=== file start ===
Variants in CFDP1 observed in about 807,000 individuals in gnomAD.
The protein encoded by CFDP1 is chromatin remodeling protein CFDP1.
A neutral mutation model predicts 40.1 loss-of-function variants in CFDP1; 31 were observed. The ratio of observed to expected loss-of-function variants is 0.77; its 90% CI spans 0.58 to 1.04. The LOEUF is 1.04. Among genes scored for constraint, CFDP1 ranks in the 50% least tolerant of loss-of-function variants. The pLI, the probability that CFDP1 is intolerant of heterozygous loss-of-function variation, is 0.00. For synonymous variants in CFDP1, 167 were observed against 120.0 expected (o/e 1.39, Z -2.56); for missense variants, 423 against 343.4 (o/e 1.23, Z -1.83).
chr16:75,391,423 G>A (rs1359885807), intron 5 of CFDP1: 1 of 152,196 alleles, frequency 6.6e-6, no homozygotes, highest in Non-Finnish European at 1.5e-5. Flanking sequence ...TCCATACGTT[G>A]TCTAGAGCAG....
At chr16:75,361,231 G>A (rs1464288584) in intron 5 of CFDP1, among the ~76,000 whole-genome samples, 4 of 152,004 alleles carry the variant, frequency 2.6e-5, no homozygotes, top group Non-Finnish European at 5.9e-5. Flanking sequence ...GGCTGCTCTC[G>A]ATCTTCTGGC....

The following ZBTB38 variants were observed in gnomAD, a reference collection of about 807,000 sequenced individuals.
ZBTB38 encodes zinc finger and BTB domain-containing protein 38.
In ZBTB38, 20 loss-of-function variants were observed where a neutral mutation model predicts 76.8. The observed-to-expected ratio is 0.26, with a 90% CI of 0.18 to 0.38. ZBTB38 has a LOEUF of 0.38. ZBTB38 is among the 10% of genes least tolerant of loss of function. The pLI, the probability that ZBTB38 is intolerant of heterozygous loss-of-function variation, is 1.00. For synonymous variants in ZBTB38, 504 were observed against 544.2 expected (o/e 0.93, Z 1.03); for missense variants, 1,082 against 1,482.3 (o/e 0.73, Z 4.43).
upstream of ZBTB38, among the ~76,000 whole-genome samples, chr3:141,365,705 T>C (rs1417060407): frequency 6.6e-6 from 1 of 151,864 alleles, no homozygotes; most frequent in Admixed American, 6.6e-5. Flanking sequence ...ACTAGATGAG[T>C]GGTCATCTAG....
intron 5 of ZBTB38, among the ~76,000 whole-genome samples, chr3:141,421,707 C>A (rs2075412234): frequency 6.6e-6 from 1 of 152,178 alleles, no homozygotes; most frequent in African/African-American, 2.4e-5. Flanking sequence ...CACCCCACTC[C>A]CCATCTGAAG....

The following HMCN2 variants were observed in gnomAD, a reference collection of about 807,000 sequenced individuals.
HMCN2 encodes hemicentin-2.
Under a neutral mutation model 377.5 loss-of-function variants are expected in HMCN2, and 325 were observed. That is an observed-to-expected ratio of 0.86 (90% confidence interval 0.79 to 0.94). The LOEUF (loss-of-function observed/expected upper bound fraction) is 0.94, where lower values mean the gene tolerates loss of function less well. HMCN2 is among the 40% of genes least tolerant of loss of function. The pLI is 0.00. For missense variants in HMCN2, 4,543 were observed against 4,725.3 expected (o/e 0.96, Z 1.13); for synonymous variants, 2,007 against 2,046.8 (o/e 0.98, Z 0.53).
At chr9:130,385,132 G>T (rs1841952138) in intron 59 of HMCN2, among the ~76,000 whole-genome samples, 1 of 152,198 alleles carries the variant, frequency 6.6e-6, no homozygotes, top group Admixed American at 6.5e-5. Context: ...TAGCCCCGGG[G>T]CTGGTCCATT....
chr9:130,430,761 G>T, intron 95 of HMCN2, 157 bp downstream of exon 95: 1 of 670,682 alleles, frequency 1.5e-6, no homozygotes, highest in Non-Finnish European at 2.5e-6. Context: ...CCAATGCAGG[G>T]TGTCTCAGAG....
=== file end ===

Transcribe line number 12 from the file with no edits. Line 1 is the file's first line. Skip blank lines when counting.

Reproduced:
HMCN2 encodes hemicentin-2.